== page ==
Experiments on gas flow with wet pipe walls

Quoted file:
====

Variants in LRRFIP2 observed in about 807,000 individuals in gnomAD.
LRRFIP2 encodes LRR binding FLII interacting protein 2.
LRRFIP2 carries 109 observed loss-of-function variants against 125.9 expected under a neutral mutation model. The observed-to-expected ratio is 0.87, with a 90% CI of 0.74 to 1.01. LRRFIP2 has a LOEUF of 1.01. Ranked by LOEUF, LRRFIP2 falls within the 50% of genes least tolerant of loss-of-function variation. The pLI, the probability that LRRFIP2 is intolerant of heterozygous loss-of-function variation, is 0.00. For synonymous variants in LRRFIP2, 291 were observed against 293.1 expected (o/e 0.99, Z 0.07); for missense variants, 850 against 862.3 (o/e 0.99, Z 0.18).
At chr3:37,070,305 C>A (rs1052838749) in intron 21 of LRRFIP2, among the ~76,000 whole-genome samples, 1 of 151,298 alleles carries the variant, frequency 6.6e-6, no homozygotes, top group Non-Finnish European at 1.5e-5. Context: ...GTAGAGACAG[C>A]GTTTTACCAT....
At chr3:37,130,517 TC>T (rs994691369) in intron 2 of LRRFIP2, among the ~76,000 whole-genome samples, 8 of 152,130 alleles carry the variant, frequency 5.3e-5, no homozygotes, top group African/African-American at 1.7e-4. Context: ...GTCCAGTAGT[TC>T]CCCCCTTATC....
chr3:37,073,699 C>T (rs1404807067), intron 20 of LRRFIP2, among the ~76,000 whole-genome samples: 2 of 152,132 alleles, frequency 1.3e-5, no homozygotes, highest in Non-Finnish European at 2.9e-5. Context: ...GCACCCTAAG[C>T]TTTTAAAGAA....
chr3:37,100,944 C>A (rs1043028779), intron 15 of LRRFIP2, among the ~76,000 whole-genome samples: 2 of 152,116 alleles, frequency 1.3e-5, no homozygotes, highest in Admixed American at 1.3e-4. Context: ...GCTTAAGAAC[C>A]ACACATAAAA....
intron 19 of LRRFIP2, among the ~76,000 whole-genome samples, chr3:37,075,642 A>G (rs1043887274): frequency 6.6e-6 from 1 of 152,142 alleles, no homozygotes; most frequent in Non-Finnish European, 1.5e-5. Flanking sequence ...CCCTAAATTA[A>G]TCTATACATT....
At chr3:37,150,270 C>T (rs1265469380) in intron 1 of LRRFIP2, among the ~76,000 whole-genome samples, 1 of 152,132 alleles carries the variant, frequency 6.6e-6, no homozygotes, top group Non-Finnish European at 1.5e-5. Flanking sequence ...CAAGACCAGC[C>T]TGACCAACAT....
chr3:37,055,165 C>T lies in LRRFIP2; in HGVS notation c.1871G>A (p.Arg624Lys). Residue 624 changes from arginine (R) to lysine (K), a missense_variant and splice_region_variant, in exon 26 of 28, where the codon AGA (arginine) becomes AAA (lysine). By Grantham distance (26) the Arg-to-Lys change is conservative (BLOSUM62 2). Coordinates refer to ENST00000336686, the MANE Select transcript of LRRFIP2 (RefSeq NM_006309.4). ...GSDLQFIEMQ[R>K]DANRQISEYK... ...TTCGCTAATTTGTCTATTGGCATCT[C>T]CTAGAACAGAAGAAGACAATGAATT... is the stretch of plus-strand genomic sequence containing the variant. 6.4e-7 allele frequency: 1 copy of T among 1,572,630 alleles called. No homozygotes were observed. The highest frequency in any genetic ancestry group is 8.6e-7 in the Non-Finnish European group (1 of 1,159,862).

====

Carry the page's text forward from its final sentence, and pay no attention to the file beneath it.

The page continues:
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A new experimental setup, for investigation of a possible pressure drop reduction in gas transport pipelines through indruduction of a liquid film at the pipe walls, is presented. Two experimental series are performed, using the high viscosity oil Nexbase 3080 and water as liquid films. Air was used as the gas phase in both series. Numerical simulations of the phenomena are performed in the commercial softwares OLGA and LedaFlow, and the results are compared with the experimental results of similar experiments performed earlier at NTNU. In these experiments the liquid film consisted either of water or Exxsol D80, while air again was used as the gas phase. Pressure drop calculations, taking in different models for the interfacial friction factor in annular flow, was also compared with these experiments. In the experiments presented, large uncertainties were related to the flow rate of air, and also to the pressure drop measurements. Therefore the results only serves as indications on the behaviour of the pressure drop as a function of holdup. No pressure drop reduction, compared to the single-phase pressure drop, was observed in any of the series. For both liquids, the pressure drop was found to increase whenever small amounts of liquds were present. The experiments were performed as dry-up processes, where the film becomes thinner with time, before it breaks down. This evolution is presented in the form of flow visualizations taken at each of the measurement times. Videos showing the full dry-up processes are attached electronically in DAIM. Both simulators tested were found to overpredict the pressure drop as a function of holdup. Most of the interfacial friction factor models also overpredicted the pressure drop observed in the experiments they were tested against. One model fitted all the experimental data points well for both water and ExxsolD80.